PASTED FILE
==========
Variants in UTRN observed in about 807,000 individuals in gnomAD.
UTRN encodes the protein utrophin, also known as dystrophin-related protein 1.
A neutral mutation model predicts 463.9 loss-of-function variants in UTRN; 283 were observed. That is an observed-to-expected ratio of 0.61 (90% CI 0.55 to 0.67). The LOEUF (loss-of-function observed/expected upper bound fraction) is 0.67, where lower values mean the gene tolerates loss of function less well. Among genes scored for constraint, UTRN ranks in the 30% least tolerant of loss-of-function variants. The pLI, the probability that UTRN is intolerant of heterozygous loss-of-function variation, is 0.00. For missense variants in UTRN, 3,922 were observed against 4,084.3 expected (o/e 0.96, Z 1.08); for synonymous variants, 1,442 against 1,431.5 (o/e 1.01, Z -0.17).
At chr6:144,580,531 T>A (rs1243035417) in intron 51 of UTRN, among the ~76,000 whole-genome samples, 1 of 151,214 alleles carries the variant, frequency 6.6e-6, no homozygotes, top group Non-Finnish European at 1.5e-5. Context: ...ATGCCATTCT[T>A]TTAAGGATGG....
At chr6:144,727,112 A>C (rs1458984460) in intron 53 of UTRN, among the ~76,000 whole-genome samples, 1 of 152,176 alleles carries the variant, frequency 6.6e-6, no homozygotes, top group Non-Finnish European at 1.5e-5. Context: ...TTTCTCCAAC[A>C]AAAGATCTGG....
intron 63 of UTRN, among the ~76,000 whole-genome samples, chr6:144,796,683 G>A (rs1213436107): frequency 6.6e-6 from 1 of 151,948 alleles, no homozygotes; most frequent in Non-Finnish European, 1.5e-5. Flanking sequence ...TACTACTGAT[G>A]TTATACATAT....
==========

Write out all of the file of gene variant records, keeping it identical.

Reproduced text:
Variants in UTRN observed in about 807,000 individuals in gnomAD.
UTRN encodes the protein utrophin, also known as dystrophin-related protein 1.
A neutral mutation model predicts 463.9 loss-of-function variants in UTRN; 283 were observed. That is an observed-to-expected ratio of 0.61 (90% CI 0.55 to 0.67). The LOEUF (loss-of-function observed/expected upper bound fraction) is 0.67, where lower values mean the gene tolerates loss of function less well. Among genes scored for constraint, UTRN ranks in the 30% least tolerant of loss-of-function variants. The pLI, the probability that UTRN is intolerant of heterozygous loss-of-function variation, is 0.00. For missense variants in UTRN, 3,922 were observed against 4,084.3 expected (o/e 0.96, Z 1.08); for synonymous variants, 1,442 against 1,431.5 (o/e 1.01, Z -0.17).
At chr6:144,580,531 T>A (rs1243035417) in intron 51 of UTRN, among the ~76,000 whole-genome samples, 1 of 151,214 alleles carries the variant, frequency 6.6e-6, no homozygotes, top group Non-Finnish European at 1.5e-5. Context: ...ATGCCATTCT[T>A]TTAAGGATGG....
At chr6:144,727,112 A>C (rs1458984460) in intron 53 of UTRN, among the ~76,000 whole-genome samples, 1 of 152,176 alleles carries the variant, frequency 6.6e-6, no homozygotes, top group Non-Finnish European at 1.5e-5. Context: ...TTTCTCCAAC[A>C]AAAGATCTGG....
intron 63 of UTRN, among the ~76,000 whole-genome samples, chr6:144,796,683 G>A (rs1213436107): frequency 6.6e-6 from 1 of 151,948 alleles, no homozygotes; most frequent in Non-Finnish European, 1.5e-5. Flanking sequence ...TACTACTGAT[G>A]TTATACATAT....